As I read the email from my usual supermarket, the third I had received in as many weeks, it struck me that a month ago, I would probably have simply deleted it as irrelevant when it landed in my inbox. How times have changed, and with it, our thirst for knowledge.

They say knowledge is power and indeed, it can feel like it in these unprecedented times. The more access we have to relevant and factual information, the more able we are to make the right decisions and do the right things to keep ourselves and our loved ones safe. And the more able we are to make a difference for society as a whole.

And so now, more than ever, organisations need to engage people through effective communications. As well as giving people the information they need – such as the Tesco CEO is doing in letting me know how can I pick up the food my family needs safely – we also need to take people with us, including on the journey that we all now find ourselves on.

So how can we engage people through our communications, keeping connected to our staff and customers, through this and beyond? Here are some key principles:

  • Make it consistent: striking a balance between information overload and too few updates is important. We need to maintain regular channels of communication, and ensure that a communications void doesn’t open up between us and our staff and customers;
  • Make it factual, clear, and accessible: we need to be really clear on the facts, particularly at a time when there is so much confusion, false messaging, myths and legends around. Through clarity – including and especially in language use – we can make our messages accessible to the widest possible audience – which is vital. We have a duty to not exclude anyone from the messages we are sharing;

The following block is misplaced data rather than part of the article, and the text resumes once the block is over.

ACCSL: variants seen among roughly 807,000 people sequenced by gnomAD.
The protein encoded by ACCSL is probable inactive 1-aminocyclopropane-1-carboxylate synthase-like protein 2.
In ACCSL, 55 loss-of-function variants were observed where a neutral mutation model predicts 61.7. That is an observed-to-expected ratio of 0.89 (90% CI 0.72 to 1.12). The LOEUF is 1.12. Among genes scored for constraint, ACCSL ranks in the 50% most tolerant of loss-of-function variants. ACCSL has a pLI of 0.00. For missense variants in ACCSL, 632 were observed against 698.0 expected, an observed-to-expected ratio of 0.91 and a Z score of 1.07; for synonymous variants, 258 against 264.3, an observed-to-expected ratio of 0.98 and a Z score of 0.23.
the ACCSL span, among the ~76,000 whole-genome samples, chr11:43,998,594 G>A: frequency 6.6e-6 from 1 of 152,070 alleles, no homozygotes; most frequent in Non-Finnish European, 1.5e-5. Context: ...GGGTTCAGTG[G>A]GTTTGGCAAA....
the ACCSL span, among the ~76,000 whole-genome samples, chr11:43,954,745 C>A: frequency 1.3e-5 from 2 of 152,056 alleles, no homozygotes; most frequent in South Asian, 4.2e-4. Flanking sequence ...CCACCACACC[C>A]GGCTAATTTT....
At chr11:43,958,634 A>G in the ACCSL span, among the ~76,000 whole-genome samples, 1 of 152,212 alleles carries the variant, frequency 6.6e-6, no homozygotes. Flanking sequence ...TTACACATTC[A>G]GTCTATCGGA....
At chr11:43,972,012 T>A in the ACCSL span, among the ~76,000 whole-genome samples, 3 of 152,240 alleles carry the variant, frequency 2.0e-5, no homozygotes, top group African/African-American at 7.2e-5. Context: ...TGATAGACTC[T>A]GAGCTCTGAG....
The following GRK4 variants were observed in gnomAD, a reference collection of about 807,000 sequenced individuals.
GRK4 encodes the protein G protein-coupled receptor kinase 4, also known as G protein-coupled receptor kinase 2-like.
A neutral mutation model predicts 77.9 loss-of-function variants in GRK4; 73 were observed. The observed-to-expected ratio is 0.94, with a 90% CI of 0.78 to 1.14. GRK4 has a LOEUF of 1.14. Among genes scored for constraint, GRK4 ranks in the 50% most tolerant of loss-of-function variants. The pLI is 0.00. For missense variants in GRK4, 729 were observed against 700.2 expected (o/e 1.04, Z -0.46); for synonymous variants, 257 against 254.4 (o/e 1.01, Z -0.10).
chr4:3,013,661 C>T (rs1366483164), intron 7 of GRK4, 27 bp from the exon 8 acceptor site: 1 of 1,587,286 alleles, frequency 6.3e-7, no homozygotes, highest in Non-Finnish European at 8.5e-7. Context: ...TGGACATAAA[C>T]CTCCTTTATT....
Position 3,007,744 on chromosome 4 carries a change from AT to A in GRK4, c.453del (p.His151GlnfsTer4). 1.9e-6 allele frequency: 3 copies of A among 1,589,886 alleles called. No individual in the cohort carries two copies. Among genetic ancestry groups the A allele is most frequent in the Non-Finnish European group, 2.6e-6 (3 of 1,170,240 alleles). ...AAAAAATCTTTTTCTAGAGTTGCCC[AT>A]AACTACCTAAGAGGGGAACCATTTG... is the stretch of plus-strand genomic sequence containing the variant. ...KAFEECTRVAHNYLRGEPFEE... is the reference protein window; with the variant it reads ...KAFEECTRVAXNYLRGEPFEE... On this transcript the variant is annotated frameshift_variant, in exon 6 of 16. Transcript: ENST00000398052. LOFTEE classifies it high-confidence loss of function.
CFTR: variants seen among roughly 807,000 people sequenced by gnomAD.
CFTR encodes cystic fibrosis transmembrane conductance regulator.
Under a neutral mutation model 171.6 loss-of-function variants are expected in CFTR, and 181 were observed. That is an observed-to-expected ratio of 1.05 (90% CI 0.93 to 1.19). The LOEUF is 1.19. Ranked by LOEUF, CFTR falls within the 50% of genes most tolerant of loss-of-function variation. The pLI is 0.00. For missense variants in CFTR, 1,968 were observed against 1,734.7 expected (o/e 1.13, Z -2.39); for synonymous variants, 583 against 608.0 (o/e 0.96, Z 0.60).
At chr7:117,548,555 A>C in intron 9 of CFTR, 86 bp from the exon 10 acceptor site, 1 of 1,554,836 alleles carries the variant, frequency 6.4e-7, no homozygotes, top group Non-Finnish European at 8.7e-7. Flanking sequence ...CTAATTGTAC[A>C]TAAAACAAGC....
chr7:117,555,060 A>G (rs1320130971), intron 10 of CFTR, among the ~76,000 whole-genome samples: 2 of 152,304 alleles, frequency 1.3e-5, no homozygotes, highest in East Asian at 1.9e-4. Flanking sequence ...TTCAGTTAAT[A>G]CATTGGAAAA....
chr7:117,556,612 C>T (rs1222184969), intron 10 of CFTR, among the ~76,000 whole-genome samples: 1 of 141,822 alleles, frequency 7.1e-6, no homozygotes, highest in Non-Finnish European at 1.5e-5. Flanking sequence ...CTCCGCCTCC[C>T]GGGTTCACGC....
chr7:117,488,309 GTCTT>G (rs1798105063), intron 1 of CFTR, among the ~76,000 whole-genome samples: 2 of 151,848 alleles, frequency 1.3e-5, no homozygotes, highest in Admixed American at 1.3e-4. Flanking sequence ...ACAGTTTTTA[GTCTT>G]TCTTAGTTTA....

• Be positive: we know that things are tough right now but it’s ok to be positive in our communications. We can be hopeful, which leads us onto…
  • Reassure: people are desperate for reassurance and whilst we can’t and shouldn’t give false hope we can give reassurance around what we can and will do;
  • Invite feedback and questions: people will want more information, and may have questions, and this is important as communications and engagement isn’t a one way street, it’s a two way dialogue. But – and this leads us on to…
  • Be realistic: our customer service, and indeed other services – understandably – may be creaking at the seams. It’s ok to say so and manage expectations around response times;
  • Be collaborative: our communications messages should at all times, and now more so than ever, have an equality to them. We are working together in partnership.

Perhaps though one of the most important qualities which comes through the best communications at this time is authenticity, the human touch. We are all going through something which is at turns confusing, scary, and upsetting. Sharing company messages with a human touch instantly allows us to connect to others: and we all need to feel connected, especially now.

May you stay safe and stay well at this time, knowing this too shall pass.

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